# In a club with 99 people, everyone knows at least 67 people. Prove there's a group of 4 people where everyone knows each other

I tried solving this with graph theory. So there are 99 points (each point is a person) and if we draw a line between two points, it will mean those two people knows each other (Since knowing someone is mutual).

So, there are at least $$\frac{99*67}{2}$$ lines and we need to prove there's at least a group of four points where every point is connected with the other three.

Directly, i don't know how to prove it, since there are $$\frac{99*98*97*96}{6}$$ possible groups of four points, but i don't find anything with this.

So i also tried to see how many groups of three points where all three are connected, because, if another point is connected to these, it will be the group of 4 we're looking for. For this, if we select one point $$A$$, it will connect with at least 67 points, then, we select one $$B$$ of those 67. It will connect with at least 66 besides $$A$$. If we want to have the less posible amount of triangles, then we have to connect $$B$$ with the points that aren't connected with $$A$$, and these are 31, but $$B$$ will have to connect with at least other 36, so there are at least 36 triangles. Now, this only used $$A$$ and $$B$$ so there are way more triangles but i don't know how to proceed.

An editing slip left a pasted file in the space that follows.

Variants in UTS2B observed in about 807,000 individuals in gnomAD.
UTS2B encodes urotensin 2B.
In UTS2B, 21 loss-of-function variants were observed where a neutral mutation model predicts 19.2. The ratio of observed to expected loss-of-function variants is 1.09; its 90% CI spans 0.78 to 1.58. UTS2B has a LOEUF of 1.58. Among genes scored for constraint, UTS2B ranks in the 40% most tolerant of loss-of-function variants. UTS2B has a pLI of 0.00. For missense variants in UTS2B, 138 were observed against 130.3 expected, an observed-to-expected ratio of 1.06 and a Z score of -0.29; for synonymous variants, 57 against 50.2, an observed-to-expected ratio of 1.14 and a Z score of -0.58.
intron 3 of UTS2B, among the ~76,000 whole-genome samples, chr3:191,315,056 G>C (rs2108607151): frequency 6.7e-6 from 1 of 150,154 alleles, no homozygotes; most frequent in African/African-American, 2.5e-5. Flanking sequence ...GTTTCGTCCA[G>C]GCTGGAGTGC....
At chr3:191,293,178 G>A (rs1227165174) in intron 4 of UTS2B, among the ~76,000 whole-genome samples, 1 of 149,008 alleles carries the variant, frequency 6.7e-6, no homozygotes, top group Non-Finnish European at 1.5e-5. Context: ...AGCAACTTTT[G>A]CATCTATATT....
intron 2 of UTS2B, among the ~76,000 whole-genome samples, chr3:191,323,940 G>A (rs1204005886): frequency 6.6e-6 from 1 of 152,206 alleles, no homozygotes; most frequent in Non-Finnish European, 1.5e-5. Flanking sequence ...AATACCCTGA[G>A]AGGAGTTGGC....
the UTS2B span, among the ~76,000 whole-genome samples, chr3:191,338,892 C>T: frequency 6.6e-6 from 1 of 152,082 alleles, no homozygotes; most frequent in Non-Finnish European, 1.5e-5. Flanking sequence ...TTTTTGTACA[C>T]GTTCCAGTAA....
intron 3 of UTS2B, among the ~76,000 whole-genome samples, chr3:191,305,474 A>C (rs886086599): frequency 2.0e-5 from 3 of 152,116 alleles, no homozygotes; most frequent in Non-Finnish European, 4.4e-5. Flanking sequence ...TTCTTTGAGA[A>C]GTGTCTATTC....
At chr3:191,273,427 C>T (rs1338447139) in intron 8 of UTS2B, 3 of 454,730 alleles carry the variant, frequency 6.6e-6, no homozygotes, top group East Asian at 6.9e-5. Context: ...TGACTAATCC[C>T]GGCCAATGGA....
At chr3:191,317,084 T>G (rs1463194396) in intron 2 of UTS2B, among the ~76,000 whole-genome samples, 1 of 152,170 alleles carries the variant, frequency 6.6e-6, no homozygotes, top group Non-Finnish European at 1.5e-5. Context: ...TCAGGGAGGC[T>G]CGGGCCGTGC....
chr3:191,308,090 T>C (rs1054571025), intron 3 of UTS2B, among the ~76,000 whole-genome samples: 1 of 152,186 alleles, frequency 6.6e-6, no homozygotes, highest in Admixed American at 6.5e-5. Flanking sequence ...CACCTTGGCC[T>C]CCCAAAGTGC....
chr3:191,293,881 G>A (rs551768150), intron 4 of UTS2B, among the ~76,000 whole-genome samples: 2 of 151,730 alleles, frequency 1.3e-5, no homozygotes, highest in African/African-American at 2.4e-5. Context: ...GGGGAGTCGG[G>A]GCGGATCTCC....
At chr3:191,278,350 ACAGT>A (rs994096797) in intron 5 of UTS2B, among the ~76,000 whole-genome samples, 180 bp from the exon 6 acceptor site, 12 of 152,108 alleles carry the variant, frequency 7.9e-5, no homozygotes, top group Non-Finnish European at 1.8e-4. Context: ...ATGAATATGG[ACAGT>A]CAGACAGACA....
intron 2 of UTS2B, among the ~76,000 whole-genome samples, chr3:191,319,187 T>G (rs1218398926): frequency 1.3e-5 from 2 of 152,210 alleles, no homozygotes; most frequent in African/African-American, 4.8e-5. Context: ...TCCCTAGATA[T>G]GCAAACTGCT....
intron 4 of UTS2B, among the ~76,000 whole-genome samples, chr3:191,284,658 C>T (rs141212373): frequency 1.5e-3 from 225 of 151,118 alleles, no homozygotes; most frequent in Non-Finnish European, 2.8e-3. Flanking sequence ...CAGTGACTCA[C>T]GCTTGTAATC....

Any suggestions or ideas?

You have shown that $$A$$ and $$B$$ have at least $$35$$ mutual acquaintances. Let $$C$$ be one of them. If $$C$$ knows any of the other $$34$$, then we have a group of four who all know each other. In order to avoid such a group, $$C$$ can know at most $$98-34=64$$ members (including $$A$$ and $$B$$), but it is given that $$C$$ knows at least $$67$$ members.
You can also use the Turan theorem. Suppose there is no such 4, then there is at most $${99^2\over 3}$$ acquaintances. But on the other hand we have by handshake lemma at least $${99\cdot 67\over 2}$$ acquaintances.
So we have $${99\cdot 67\over 2} \leq {99^2\over 3} \implies 67\cdot 3\leq 99\cdot 2$$